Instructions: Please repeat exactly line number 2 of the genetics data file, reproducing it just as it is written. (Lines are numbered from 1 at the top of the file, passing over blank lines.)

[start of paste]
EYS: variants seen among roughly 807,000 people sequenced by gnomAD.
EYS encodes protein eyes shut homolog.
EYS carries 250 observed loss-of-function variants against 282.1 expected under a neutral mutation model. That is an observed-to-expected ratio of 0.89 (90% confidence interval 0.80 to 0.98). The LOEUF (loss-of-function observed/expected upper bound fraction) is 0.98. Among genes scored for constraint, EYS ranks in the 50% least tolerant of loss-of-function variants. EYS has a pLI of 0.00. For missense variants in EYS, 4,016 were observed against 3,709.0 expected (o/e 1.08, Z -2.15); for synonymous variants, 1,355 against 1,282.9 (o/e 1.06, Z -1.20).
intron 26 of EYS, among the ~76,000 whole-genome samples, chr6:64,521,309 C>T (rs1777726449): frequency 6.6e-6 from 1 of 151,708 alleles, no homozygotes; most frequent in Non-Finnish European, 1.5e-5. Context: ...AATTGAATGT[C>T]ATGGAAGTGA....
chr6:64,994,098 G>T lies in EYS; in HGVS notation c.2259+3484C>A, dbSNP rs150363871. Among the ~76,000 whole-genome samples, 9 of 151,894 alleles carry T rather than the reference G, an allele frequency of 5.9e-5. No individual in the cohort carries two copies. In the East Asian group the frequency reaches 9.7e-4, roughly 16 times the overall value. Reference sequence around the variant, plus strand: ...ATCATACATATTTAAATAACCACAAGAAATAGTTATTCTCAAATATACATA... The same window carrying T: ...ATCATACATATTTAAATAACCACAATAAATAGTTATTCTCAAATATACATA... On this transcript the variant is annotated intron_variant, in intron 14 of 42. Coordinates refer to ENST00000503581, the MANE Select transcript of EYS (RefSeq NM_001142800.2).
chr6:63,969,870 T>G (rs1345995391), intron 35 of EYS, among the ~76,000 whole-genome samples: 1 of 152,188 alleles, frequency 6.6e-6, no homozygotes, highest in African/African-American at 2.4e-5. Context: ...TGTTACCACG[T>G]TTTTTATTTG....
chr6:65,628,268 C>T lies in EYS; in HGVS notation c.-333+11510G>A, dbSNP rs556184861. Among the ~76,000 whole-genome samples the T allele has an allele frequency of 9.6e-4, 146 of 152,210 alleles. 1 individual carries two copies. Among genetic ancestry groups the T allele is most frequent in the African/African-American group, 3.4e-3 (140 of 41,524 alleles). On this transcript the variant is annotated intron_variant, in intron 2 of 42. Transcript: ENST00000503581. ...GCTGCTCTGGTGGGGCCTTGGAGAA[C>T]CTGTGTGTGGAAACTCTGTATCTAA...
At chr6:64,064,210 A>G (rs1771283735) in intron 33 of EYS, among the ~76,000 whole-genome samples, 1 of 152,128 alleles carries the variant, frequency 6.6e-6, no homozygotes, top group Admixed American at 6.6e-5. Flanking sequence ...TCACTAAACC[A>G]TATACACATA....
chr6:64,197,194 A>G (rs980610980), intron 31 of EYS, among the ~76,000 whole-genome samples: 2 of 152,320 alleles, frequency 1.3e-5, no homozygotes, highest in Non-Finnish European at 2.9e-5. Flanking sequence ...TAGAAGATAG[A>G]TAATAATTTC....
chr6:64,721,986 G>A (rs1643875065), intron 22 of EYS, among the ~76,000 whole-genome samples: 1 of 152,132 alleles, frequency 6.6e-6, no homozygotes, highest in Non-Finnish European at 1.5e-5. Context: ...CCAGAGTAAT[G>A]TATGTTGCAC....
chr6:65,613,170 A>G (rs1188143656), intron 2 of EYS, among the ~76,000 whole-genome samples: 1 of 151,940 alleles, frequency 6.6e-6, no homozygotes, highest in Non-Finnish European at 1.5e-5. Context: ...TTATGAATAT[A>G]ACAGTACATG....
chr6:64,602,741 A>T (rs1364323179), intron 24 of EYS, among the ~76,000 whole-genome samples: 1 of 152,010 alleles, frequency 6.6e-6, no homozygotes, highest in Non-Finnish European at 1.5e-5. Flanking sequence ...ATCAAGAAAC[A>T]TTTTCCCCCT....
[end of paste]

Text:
EYS encodes protein eyes shut homolog.